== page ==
Tracking immunophenotypes based on absolute counts of CD4+/CD26- cells or CD4+/CD7- cells identified by flow cytometry continues to be the standard for monitoring blood involvement in CTCL. Although the application of HTS-TCR in blood for CTCL monitoring continues to be evaluated, there are distinct advantages to its implementation in clinical practice that warrant discussion. One potential application of HTS-TCR is to monitor low-level blood or skin tumor burden after treatment, also known as detection of minimal residual disease (MRD). In other hematologic malignancies such as chronic lymphocytic leukemia (CLL) and acute T lymphoblastic leukemia, MRD is used for recognizing early disease recurrence following allogeneic stem cell transplant (23, 65, 66). Although MRD detection is not currently a component of CTCL management, Weng et al. demonstrated that HTS-TCR reliably identifies 1 tumor cell within 50,000 peripheral blood cells in CTCL patients following allogeneic stem cell transplant (23). As a result of its high specificity and sensitivity, HTS-TCR has the potential to detect MRD in CTCL patients (Table 4). The application of immunosequencing for MRD monitoring in CTCL needs to be studied in larger, prospective studies. However, if it is adopted in the future of CTCL clinical practice, use of HTS-TCR for MRD tracking may aid in revealing early disease relapse, allowing for shortened time to intervention, and theoretically improved outcomes. It is likely that MRD positive patients may exhibit worse outcomes and require more aggressive treatment compared to MRD negative patients.

5 Advancing CTCL research with HTS-TCR

The growing utilization of immunosequencing for CTCL not only serves to augment clinical practice but also to enhance our understanding of malignant and non-malignant T cells in skin and blood and their changes over time. By providing the precise genetic sequences and absolute abundance of CDR3s, HTS-TCR offers a high-resolution view of the immune repertoire. Specifically, HTS-TCR data can be used to determine T-cell repertoire diversities in blood and skin (36). In addition, HTS can assess the T-cell repertoire overlap between blood and skin or various skin lesions over time, as demonstrated by Joffe et al. (58). As discussed above in section 3.3, the utility of HTS-TCR extends to identifying mutations that can arise in the dominant CDR3s. The existing study detected mutated versions of the malignant CDR3 clones that became dominant themselves (49). It would be interesting to further explore the prevalence and clinical relevance of mutated CDR3 clones that do not reach the level of dominance. Finally, HTS-TCR now provides a means to study MRD in CTCL patients, heralding a new era of inquiry into disease monitoring and management (23).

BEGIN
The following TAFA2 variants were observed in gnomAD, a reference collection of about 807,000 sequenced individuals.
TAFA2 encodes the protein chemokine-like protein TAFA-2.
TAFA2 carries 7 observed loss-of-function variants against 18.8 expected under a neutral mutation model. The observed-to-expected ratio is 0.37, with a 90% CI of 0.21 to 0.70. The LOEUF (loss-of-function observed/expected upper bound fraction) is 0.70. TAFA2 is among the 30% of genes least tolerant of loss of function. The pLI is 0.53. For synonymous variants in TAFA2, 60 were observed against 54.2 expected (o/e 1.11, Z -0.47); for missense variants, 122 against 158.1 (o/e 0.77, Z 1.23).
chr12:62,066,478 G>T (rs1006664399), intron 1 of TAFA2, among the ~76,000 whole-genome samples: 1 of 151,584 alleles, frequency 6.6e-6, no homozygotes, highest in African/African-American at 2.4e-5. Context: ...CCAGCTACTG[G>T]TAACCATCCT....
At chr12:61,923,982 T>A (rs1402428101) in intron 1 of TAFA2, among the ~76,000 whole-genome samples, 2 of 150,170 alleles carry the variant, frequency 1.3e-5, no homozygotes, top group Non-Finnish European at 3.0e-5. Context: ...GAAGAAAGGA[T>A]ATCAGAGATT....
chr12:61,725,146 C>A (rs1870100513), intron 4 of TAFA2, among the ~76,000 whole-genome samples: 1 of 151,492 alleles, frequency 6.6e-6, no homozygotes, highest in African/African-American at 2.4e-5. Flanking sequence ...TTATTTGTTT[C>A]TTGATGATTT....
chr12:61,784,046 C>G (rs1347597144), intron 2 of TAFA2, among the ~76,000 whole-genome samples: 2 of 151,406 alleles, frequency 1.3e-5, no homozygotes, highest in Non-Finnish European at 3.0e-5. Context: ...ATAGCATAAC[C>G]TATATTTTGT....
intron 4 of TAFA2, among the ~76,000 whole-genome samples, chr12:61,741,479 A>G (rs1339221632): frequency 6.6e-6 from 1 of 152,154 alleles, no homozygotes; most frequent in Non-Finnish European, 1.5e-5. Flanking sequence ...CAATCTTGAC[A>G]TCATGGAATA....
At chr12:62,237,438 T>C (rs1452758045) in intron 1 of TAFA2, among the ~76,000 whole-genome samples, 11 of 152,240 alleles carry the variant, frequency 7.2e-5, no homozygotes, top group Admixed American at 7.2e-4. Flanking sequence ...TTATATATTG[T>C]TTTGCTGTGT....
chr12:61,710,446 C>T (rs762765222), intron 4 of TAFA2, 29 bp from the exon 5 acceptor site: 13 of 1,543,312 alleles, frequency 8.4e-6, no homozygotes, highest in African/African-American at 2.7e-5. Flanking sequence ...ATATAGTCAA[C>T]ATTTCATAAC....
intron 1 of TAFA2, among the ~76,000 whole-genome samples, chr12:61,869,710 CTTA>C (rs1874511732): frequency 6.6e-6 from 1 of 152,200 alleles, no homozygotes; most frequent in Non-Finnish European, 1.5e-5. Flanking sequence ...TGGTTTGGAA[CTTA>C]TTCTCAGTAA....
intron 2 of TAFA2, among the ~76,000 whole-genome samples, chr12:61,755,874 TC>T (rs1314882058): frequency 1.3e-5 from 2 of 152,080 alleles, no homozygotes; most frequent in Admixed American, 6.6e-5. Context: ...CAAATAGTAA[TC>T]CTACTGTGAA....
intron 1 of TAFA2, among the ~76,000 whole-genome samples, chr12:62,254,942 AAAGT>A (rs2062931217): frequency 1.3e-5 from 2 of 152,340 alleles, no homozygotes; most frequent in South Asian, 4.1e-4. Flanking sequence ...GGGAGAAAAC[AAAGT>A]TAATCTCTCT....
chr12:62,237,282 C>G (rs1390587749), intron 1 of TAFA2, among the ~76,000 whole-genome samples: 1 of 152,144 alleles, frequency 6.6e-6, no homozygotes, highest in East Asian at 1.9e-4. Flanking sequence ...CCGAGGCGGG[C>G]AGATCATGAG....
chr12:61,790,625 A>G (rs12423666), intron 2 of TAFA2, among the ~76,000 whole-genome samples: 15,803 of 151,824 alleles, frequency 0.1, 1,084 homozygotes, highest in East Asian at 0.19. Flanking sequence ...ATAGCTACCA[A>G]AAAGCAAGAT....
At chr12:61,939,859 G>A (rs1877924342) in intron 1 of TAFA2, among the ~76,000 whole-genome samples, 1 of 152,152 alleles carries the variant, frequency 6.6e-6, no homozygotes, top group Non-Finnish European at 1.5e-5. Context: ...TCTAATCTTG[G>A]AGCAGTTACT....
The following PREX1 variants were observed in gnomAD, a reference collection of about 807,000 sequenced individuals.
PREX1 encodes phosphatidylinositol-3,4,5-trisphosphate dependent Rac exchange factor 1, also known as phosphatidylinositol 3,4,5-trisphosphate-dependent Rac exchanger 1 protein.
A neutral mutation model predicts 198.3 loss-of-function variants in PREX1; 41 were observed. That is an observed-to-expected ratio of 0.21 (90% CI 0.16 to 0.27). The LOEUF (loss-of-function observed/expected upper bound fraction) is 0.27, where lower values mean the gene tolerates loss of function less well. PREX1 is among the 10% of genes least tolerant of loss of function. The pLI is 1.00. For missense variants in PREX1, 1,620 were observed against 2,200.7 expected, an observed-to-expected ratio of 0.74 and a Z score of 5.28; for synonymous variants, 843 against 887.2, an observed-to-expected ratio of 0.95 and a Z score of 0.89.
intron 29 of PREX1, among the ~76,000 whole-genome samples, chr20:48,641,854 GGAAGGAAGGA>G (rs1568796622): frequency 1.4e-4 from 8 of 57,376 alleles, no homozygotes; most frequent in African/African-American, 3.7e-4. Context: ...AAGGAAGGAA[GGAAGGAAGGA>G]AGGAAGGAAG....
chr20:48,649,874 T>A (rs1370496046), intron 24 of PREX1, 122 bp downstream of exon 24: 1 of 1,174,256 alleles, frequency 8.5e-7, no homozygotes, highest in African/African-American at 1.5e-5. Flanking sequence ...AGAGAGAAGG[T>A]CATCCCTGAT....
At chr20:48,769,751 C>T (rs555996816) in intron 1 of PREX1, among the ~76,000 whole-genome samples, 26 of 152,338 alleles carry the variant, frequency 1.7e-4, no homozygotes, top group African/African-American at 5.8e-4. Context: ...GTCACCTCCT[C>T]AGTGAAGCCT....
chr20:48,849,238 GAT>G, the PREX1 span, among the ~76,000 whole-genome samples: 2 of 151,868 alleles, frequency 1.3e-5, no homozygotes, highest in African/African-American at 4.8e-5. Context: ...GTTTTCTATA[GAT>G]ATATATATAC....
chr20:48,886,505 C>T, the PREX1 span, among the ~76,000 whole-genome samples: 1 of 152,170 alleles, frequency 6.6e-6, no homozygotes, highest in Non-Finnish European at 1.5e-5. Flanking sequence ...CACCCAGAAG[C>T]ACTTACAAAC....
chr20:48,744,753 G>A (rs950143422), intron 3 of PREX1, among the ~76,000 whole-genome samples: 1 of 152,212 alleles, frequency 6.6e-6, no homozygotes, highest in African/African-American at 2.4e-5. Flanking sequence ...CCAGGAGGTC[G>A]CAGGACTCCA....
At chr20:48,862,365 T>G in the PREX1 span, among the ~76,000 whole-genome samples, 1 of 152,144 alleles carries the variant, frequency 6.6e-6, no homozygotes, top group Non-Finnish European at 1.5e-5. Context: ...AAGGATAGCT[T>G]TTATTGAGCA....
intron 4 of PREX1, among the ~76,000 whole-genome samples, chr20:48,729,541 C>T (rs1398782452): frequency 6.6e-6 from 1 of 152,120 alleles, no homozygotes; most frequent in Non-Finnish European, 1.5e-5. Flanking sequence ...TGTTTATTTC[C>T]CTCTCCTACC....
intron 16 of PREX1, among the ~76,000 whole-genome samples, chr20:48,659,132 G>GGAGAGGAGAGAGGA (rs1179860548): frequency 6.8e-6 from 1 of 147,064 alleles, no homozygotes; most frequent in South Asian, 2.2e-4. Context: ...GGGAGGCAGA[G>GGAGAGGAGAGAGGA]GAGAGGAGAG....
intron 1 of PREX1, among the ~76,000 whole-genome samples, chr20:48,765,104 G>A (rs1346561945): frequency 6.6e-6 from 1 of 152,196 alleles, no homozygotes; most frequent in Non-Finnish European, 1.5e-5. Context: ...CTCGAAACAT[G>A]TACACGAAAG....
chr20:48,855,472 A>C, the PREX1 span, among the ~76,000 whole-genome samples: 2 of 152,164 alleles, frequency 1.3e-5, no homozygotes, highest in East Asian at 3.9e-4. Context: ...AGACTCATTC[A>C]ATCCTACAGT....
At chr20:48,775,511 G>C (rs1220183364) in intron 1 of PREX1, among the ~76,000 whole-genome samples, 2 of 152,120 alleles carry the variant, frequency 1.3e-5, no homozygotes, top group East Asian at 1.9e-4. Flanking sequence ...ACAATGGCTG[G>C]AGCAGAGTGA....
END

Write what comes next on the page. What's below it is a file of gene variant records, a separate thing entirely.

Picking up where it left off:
6 Challenges and limitations of HTS-TCR in CTCL

Although HTS-TCR has significant clinical value, it has introduced us to novel challenges throughout our six-year experience of HTS-TCR utilization at Thomas Jefferson University. The clinical-grade HTS-TCR test used in our center (Adaptive Biotechnologies) identifies both dominant TCRβ and TCRγ sequences. Receiving two separate clonality results for TCRβ and TCRγ can be confusing to clinicians. These results become especially challenging when TCRγ identifies a dominant clone and TCRβ does not, or vice versa. In such cases, clinicians may falsely attribute having a dominant TCRγ clone and no dominant TCRβ clone to a gamma/delta T-cell lymphoma. However, as described in section 2.1, having dominant TCRγ sequences in the nucleus does not signify that the cell is expressing the gamma sequence and is of gamma/delta lineage. Rather, there can be up to two rearranged TCRβ and TCRγ alleles in the nucleus of one alpha/beta T cell (Figure 1), though even with HTS-TCR these cannot be discerned. Additionally, the number of dominant clones detected by TCRγ versus TCRβ assays generally do not align. For example, there may be three dominant TCRγ and two dominant TCRβ clones each with a different frequency in one skin biopsy. While the differences between TCRγ and TCRβ immunosequencing results may be due to the unique sensitivities of each assay, when multiple clones are detected, additional challenges arise.